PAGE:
Duckworth Campaigns In Champaign, Talks Police Shootings, Flooding, Refugees

Congresswoman Tammy Duckworth (D-IL) campaigns for U.S. Senate at Cafe Kopi in Champaign on Tuesday.

Congresswoman Tammy Duckworth (D-IL) campaigns for U.S. Senate at Cafe Kopi in Champaign on Tuesday.

Hannah Meisel/Illinois Public Media

Congresswoman Tammy Duckworth played to her strengths at a campaign stop in Champaign Tuesday. 

The Democrat, a disabled Iraq War veteran, garnered applause from a crowd at Cafe Kopi when talking about welcoming Syrian refugees from the perspective of her military background. Voters who came for her informal meet and greet asked Duckworth about tax reform and education policy. But despite police killings in Chicago and elsewhere dominating the headlines this week, race relations didn't come up once in the over-half hour of Q&A.

The Congresswoman at first sidestepped WILL's ask for a response to her Democratic primary opponent, Andrea Zopp, who said earlier this month that Duckworth didn't have enough experience advocating for the African American community.

"You know, I think she has to say whatever she has to say," Duckworth said after the event.

But when asked, the Congresswoman did weigh in on this weekend's shooting death of 19-year-old Quintonio LeGrier in Chicago.

"There are people, black and brown people, who when they call the police for help, they can't be sure that they're going to get the help that they need. And that is wrong."

Duckworth says she'd push for reform to gun and drug crime sentences, both of which disproportionately affect African Americans. The Democrat says she's making criminal justice reform a priority, pointing out that her plan for changes to the system came before candidate Zopp's.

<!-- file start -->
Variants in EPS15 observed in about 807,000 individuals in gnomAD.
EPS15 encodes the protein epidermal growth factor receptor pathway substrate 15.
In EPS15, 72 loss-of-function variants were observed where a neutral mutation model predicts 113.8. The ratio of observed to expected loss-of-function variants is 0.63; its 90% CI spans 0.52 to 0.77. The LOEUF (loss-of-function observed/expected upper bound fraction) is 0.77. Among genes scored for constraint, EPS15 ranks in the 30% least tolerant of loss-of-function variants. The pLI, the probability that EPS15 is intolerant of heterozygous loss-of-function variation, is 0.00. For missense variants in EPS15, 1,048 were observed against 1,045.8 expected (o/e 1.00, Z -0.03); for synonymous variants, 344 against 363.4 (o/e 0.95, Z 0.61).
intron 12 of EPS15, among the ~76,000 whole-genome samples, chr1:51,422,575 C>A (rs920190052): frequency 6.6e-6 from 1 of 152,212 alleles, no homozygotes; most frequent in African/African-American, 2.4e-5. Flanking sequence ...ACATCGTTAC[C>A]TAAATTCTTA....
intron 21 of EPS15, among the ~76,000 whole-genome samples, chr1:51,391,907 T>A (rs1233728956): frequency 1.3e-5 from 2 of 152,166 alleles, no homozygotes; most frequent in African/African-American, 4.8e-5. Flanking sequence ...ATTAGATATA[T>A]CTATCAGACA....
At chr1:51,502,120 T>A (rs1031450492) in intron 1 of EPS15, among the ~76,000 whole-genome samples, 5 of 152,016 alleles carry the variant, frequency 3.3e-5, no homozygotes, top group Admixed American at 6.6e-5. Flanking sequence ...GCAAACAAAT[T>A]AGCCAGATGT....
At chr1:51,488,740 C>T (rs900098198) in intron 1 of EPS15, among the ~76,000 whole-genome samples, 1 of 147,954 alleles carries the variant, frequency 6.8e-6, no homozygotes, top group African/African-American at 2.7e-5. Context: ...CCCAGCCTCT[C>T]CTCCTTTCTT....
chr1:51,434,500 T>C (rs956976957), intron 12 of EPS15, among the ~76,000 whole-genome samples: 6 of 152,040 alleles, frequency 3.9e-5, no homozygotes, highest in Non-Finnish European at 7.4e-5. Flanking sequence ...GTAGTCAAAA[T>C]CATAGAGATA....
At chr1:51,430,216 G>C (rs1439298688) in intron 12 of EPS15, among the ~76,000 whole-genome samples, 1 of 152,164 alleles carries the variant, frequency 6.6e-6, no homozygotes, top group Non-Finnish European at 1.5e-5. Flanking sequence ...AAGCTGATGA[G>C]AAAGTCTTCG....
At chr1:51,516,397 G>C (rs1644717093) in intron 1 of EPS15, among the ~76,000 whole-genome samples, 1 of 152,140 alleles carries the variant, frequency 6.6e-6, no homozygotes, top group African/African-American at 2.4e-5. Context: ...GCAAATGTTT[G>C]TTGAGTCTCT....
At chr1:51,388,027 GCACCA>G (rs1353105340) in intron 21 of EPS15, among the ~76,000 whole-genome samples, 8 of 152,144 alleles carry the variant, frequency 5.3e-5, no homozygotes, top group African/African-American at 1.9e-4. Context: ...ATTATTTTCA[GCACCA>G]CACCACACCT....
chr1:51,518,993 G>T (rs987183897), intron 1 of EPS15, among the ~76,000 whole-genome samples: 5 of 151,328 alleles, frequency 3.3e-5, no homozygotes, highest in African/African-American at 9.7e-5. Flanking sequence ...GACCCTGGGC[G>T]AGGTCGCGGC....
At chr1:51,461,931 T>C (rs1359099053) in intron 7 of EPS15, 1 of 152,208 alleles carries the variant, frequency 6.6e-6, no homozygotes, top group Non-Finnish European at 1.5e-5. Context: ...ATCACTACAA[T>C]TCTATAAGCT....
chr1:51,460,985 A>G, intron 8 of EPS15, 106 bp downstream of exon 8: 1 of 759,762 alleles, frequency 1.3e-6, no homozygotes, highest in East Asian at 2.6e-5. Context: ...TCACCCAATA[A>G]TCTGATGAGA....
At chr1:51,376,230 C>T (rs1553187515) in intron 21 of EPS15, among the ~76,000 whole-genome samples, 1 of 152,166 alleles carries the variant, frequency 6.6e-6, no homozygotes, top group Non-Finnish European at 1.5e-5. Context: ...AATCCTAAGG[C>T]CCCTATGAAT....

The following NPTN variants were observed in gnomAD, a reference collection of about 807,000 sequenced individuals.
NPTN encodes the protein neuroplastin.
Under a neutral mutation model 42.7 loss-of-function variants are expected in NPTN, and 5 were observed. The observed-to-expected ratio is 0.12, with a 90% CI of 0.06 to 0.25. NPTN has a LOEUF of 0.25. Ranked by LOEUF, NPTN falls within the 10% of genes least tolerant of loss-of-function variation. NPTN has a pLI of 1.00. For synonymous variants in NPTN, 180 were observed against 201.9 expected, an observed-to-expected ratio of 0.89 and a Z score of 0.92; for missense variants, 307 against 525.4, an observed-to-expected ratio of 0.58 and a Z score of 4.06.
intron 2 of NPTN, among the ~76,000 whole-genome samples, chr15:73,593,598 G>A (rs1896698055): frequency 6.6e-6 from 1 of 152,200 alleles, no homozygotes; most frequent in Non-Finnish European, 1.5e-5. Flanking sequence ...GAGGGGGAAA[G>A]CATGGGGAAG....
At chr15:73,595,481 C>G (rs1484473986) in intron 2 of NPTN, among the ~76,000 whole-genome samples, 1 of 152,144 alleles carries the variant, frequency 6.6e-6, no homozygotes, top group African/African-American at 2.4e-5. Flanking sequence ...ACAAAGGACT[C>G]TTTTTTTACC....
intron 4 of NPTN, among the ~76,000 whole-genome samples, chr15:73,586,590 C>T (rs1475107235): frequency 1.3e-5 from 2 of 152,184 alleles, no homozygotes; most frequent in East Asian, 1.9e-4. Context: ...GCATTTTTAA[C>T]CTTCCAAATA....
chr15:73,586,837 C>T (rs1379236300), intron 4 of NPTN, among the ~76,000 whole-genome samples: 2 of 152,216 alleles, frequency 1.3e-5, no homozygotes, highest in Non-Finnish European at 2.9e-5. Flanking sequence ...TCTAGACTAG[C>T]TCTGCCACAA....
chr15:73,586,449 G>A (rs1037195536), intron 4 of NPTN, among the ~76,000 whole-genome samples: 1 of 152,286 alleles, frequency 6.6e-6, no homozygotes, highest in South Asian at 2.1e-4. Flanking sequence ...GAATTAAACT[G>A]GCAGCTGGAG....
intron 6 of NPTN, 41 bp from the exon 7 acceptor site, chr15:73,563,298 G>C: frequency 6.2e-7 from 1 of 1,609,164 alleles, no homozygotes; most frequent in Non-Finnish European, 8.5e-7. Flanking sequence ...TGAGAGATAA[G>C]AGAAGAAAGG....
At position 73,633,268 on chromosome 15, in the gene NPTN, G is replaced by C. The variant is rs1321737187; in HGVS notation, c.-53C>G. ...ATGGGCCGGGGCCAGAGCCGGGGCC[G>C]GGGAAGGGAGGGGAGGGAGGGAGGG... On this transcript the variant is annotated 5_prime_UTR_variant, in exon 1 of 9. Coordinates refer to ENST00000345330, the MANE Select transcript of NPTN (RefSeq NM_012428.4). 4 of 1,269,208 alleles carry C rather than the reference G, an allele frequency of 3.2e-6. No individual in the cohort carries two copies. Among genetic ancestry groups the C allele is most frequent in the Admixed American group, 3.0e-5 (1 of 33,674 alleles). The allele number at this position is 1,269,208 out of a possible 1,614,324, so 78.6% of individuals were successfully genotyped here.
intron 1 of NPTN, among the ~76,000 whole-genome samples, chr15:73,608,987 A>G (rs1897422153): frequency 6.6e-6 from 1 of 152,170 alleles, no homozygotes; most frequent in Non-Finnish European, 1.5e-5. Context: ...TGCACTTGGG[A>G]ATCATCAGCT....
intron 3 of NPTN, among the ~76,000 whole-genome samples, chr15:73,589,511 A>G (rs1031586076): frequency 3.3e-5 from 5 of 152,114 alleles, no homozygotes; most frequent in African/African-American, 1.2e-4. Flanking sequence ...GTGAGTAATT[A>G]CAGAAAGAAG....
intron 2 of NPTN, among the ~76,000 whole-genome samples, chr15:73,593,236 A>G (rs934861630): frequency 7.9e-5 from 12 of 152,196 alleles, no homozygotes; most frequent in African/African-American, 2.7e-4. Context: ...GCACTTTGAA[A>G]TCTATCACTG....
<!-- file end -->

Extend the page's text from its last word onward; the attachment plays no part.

Another population the Congresswoman says she'd try to help as a senator is Syrian refugees. It's been over a month since the terrorist attacks on Paris and the shooting in San Bernardino, California, sparked intense debate over how to handle refugees from both Syria and Iraq. 

Duckworth says she's angry about how her opponent for U.S. Senate, Republican Senator Mark Kirk, has characterized her position on refugees.

Kirk's campaign has run ads saying the Congresswoman's openness to accepting refugees puts Americans at risk. 

Duckworth said the ads are "fearmongering."

"Remember that the Syrian refugees are victims," she said. "These are women and children and victims of torture. They're running away and fleeing ISIL, these horrible butchers. And for us to shut our doors as a nation to people who are victims of butchery goes against the very grain of what our nation is."

Duckworth also says from a national security perspective, shutting U.S. borders to refugees would actually be helping the Islamic State group to accomplish its goal of alienating disenfranchized Muslim refugees.

The Congresswoman served in the U.S. Army, losing both of her legs in a helicopter crash in Iraq in 2004.

The Democrat was passing through storm-ravaged central and southern Illinois a day after major flooding in some areas of the state.

Duckworth touted her work on federal TIGER grant money, which is targeted toward infrastructure improvement. She says move investment in public works can help prevent flooding in Illinois, in addition to making federal emergency money more available after flooding occurs.

Story source: WILL